SWaCH collects monthly user fees of 50 rupees (about 75 cents) per household to supplement what members make from selling recyclables. Over the years, SWaCH has expanded its services to include on-site composting, used clothes collection and resale, e-scrap collection, and a handful of specialized services like the provision of recovered plastics for conversion to 3-D printer filament. The group is also developing plans to open shops that recover, repair and resell electronics and appliances.

There’s no question that KKPKP and SWaCH have brought major gains to the lives of waste pickers and Pune’s urban poor. “When I used to pick from the roadside, I always had problems with the police,” says Sindhubai Galfade, a longtime member of both organizations. “The union helped protect us, but SWaCH gave me a new identity. I wear a uniform, I no longer suffer harassment and I have a reliable income stream.”

Still, though SWaCH is known for its collaboration with the relatively progressive Pune municipality, the relationship has never been entirely smooth. After letting its first five-year contract with SWaCH lapse for more than two years, the municipality recently signed another five-year contract. This was only after waste pickers launched a major campaign denouncing the municipality for failing to dole out more than half of the funds and implements promised under their first deal. The municipality did ultimately make good on those provisions, but it is already delaying funds under the new contract.

During the gap in contracts, SWaCH coordinators were laid off by the dozens and their salaries dropped well below the income of an average SWaCH waste picker, which can range from 3,000-25,000 rupees (about $50 to $400) monthly.

Knowing that the groups will likely face similar battles moving forward, SWaCH and KKPKP have begun organizing monthly empowerment trainings for waste picker leaders covering subjects like public speaking and organizing, solid waste management systems, feminism, health and economics. A Rotary International grant covered the costs of the first year of trainings, and SWaCH and KKKPK are seeking funding to expand the trainings to include subjects such as science, math, history and sociology.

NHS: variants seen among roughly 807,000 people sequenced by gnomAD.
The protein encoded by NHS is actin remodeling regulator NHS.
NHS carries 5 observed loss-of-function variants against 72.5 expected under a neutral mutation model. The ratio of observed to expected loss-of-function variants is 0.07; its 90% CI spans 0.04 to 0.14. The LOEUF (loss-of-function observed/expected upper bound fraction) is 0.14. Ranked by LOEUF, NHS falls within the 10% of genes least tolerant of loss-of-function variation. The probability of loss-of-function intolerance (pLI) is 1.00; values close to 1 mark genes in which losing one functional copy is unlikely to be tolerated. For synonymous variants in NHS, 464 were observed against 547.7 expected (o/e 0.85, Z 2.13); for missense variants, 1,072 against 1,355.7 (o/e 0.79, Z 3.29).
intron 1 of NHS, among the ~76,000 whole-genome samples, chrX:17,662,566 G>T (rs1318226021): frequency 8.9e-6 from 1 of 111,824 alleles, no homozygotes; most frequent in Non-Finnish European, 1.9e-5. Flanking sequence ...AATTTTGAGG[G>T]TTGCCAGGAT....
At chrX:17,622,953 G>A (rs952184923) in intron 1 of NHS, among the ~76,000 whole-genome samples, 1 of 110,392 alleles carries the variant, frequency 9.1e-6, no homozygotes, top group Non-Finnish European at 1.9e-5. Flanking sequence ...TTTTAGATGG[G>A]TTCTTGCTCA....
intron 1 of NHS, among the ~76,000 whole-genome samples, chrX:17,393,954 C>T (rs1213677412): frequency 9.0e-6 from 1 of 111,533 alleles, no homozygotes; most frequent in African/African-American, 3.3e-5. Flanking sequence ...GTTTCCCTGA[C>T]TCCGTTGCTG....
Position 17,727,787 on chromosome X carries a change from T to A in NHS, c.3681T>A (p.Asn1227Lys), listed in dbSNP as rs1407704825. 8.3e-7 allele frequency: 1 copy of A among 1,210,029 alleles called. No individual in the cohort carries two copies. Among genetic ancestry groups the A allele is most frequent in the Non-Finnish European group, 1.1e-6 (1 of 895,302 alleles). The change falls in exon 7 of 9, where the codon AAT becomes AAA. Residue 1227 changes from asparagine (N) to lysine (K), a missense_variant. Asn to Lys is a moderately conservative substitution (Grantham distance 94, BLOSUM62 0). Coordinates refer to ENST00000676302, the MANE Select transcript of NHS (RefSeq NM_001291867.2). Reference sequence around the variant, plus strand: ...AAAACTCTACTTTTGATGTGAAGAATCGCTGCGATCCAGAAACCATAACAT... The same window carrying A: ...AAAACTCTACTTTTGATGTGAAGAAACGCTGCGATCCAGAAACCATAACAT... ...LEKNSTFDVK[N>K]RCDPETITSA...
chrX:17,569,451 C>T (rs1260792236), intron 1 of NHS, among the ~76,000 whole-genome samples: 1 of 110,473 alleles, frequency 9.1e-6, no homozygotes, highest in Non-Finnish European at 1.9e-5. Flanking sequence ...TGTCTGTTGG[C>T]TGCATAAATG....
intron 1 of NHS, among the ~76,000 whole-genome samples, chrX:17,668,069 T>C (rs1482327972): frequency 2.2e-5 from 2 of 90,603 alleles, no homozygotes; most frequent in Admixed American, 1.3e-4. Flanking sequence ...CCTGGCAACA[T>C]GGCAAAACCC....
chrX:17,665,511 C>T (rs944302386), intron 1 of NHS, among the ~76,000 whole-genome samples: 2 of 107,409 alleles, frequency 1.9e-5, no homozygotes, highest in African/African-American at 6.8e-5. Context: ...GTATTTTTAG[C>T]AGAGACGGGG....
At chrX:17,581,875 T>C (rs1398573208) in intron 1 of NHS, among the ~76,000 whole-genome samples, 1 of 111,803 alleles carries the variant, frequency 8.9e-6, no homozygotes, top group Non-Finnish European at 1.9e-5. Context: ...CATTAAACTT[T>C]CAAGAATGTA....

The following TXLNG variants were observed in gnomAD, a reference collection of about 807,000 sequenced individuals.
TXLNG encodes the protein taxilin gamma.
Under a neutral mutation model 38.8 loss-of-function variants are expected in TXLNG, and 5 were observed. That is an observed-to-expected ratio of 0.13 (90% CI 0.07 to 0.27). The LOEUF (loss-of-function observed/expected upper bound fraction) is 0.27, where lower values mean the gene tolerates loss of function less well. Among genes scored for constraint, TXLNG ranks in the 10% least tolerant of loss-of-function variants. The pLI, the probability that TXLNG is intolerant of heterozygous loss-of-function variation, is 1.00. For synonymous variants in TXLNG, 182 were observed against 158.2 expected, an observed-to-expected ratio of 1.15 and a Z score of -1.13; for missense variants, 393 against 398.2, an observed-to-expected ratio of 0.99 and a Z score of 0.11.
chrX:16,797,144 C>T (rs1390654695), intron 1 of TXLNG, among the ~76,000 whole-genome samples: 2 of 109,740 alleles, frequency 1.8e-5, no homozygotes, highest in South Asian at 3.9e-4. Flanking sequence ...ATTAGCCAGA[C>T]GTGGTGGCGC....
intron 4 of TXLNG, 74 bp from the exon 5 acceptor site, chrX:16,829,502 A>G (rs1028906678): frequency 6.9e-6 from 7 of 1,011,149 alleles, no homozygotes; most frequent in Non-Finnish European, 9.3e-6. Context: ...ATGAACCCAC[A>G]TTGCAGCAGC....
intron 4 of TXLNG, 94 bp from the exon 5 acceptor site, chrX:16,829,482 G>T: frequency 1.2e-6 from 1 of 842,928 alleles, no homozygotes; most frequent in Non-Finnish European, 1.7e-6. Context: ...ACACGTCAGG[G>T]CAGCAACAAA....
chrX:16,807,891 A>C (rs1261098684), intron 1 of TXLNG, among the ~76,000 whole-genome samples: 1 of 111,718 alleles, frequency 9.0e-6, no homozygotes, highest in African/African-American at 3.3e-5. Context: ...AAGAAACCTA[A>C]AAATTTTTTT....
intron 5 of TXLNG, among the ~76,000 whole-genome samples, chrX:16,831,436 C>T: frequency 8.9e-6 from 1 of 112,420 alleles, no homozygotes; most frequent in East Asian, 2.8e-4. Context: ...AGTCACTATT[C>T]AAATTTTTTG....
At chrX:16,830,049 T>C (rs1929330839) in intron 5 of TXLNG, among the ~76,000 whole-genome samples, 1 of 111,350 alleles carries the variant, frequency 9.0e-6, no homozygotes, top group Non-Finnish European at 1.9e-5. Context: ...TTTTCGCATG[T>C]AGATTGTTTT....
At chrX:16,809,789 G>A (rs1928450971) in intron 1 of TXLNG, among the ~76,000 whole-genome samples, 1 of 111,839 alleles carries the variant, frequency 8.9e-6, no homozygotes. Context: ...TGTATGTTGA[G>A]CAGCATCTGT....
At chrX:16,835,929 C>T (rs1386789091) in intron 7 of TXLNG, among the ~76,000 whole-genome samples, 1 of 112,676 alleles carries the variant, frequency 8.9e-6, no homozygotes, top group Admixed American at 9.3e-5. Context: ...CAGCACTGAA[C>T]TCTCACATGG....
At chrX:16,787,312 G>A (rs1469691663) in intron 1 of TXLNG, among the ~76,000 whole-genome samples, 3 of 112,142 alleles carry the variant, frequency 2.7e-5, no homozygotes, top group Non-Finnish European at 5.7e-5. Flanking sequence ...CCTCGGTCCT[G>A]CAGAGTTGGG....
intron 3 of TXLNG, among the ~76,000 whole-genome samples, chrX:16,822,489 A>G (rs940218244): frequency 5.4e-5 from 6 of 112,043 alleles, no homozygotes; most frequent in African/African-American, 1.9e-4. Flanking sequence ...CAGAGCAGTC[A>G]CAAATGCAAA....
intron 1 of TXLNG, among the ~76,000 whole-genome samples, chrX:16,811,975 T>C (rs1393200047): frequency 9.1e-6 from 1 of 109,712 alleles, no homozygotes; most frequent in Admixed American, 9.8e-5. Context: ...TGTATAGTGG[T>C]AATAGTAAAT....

Putting members’ advocacy skills to the test, SWaCH and KKPKP recently launched a major “Red Dot” campaign promoting the implementation of new state and national rules mandating the segregated disposal of sanitary waste, such as diapers and menstrual pads. To protect their own health, waste pickers are asking that Pune residents wrap and mark their sanitary waste with a red dot. The campaign has received a tidal wave of publicity and support, with its PSA video drawing more than 4 million Facebook views and 90,000 shares in the first week.

Waste pickers now want to take the Red Dot campaign further by pressuring companies to establish long-term solutions to the problem of sanitary waste. Procter & Gamble has developed a technology for autoclaving sanitary waste and extracting valuable super-absorbent polymers (SAP) for recycling.

Though the consumer goods giant has been discussing the technology with SWaCH/KKPKP and the Pune municipality for months, the company has still not established a facility in Pune.

The movement of organized waste picker groups has had profound implications. Members of the SWaCH cooperative, several of whom are shown here collecting segregated waste in Pune’s Ramnagar slum, service around a half a million households daily. More than 20 percent of the 1,000 tons of material they handle each day is sold for recycling.